His becoming a “god” of this world reveals that Satan did not have his own kingdom or power “in the beginning.” Instead, after sin was committed “from the beginning,”[7] Satan began to accumulate other fallen ones along the way, culminating in the formation of “darkness”[8] and the powers of darkness. As we observe the world today, it is indeed filled with every kind of wickedness, just as Paul reported: “… filled with all unrighteousness, sexual immorality, wickedness, covetousness, maliciousness; full of envy, murder, strife, deceit, evil-mindedness; they (the ungodly) are whisperers, backbiters, haters of God, violent, proud, boasters, inventors of evil things, disobedient to parents, undiscerning, untrustworthy, unloving, unforgiving, unmerciful” (Rom 1:29–31).

Although Satan walks about like a roaring lion, seeking whom he may devour,[9] he does not have absolute power because he is restricted by God Himself. Satan cannot simply devour anyone he wants to devour—rather he can only set his hand on those who can be devoured. For example, Satan wanted to attack Job without a valid reason, but he was aware that he could not do so without God’s approval. The Book of Job describes how Satan could see that God had “made a hedge around [Job], around his household, and around all that he [had] on every side” (Job 1:10). Satan could only wander outside this fence or wait for Job to cross the fence. Satan could not even take one step over the fence that God had erected.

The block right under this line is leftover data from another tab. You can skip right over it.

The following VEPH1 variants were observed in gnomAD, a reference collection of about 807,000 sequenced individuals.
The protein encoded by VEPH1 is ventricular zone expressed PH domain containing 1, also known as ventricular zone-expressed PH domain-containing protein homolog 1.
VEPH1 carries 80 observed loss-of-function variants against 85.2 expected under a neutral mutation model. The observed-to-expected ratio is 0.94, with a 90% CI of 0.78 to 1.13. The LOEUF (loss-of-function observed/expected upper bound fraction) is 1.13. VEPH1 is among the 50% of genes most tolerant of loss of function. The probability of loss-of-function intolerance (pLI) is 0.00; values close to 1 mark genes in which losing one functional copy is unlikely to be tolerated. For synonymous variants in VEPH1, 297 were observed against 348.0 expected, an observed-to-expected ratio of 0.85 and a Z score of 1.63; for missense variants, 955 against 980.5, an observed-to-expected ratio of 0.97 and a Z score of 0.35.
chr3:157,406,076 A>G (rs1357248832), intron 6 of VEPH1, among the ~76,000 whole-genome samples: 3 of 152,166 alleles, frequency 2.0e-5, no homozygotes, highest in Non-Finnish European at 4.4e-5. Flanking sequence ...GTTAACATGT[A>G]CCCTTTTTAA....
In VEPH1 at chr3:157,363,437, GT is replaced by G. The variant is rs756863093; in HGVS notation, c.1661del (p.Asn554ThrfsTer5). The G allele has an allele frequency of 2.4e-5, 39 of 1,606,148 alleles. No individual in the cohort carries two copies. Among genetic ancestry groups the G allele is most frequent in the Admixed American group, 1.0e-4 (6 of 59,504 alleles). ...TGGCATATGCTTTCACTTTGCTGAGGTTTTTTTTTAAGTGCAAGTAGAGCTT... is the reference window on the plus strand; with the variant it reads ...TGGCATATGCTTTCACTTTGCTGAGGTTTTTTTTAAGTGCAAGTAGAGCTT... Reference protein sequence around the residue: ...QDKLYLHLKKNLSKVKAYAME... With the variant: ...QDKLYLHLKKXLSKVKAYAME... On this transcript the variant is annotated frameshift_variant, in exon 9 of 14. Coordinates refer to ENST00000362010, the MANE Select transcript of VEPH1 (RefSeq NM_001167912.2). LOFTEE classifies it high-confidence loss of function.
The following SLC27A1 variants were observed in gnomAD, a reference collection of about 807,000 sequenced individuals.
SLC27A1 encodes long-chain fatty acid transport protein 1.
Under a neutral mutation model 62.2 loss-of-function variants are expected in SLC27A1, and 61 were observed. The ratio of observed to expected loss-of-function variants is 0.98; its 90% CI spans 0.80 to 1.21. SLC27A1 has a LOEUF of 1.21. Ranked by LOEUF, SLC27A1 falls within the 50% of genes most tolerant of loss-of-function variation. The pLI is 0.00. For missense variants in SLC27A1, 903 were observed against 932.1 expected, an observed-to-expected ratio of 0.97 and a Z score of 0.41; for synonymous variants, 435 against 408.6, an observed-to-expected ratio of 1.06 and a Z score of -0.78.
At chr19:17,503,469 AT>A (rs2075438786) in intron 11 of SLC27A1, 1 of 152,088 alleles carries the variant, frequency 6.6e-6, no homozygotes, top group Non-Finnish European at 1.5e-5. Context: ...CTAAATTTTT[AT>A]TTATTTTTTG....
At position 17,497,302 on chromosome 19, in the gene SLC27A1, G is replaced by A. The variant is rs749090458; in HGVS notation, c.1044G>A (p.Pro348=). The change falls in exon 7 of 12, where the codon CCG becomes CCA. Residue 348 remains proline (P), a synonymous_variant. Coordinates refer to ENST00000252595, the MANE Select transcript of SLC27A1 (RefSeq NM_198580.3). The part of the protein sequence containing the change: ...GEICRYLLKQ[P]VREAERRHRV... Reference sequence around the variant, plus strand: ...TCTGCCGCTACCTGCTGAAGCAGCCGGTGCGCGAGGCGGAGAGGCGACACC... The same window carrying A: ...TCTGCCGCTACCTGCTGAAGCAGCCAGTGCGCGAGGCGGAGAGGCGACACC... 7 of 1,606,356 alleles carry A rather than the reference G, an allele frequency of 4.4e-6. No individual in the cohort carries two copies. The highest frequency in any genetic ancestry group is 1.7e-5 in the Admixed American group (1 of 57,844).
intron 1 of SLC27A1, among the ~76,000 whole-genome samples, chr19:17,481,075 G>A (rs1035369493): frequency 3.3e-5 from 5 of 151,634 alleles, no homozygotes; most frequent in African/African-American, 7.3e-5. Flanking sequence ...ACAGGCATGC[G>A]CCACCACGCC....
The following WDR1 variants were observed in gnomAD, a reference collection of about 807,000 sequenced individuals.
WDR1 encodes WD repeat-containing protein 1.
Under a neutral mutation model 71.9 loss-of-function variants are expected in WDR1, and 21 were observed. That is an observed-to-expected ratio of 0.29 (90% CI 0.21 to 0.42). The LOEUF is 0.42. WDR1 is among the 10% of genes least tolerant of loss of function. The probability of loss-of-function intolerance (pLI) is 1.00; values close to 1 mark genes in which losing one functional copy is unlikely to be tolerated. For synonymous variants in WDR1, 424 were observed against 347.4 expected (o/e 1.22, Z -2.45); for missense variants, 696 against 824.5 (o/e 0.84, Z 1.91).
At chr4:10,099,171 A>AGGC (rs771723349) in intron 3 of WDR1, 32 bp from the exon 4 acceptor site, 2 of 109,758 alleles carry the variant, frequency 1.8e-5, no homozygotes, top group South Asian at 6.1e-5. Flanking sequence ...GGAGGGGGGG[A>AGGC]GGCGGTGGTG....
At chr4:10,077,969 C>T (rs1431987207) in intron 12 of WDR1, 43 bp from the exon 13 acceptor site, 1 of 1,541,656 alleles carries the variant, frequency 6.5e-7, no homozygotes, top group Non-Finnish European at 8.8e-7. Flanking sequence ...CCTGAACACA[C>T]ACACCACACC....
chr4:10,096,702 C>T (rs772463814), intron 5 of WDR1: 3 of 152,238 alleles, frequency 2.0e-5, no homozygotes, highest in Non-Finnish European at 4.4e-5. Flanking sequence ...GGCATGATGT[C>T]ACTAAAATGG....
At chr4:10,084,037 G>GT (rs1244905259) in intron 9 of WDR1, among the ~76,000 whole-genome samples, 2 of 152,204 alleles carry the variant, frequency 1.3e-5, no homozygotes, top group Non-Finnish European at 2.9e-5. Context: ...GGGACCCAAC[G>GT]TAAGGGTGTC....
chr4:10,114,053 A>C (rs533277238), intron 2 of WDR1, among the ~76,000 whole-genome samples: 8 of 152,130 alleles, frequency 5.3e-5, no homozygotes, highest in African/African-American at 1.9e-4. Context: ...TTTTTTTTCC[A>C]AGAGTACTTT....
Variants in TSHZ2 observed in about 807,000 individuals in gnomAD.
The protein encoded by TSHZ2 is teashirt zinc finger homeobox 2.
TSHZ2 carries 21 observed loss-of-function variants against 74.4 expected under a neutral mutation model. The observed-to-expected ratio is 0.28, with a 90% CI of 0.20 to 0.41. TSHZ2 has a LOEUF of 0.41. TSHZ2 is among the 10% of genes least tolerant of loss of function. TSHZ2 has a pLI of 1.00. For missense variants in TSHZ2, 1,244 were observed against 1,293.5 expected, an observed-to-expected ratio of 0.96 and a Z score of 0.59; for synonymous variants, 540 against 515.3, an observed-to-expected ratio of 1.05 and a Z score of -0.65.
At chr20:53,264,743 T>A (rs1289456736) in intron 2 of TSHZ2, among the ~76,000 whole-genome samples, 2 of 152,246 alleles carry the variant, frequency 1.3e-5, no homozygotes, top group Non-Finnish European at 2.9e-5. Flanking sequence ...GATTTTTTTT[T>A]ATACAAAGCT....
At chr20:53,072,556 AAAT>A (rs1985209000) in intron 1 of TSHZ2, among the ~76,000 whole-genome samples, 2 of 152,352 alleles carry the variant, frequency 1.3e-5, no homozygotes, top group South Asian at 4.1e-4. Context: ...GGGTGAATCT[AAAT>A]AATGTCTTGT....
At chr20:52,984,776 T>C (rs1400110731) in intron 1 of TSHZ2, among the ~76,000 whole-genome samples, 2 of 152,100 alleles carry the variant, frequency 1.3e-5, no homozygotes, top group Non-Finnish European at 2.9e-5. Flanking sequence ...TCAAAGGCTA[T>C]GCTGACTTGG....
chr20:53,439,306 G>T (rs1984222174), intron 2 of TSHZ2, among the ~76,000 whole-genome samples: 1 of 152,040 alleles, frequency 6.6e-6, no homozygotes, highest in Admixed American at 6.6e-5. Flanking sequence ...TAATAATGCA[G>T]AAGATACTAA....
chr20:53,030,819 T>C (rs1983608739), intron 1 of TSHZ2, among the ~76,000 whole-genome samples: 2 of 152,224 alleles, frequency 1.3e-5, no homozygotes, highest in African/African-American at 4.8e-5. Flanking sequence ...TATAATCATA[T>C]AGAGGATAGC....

Hence, Satan incited God to go against Job, to destroy Job without cause.[10] For the first time ever, God delivered all that Job had into the hands of Satan, but with the clause that Satan should not harm Job. [11] Once Satan obtained this limited “permission” from God, he immediately retreated from the presence of God and began to wantonly destroy everything Job had with extreme vengeance and malice. Although this gives us a clear example of Satan’s cruelty, it also assures us of Satan’s limitations within God’s mighty framework.

Within the constraints of earthly evil, Satan is the father of all liars, the source of all lies, and the source of sin.[12] Those whose minds are occupied by the devil become a tool and representative of the devil.[13] Furthermore, the authority that Satan wields over the world is not his own. Instead, Satan’s authority has come from evil being “delivered” to him. For instance, Paul named and “delivered” to Satan the blasphemers Hymenaeus and Alexander, who had rejected their consciences and whose faith had suffered shipwreck[14]—in other words, utter destruction.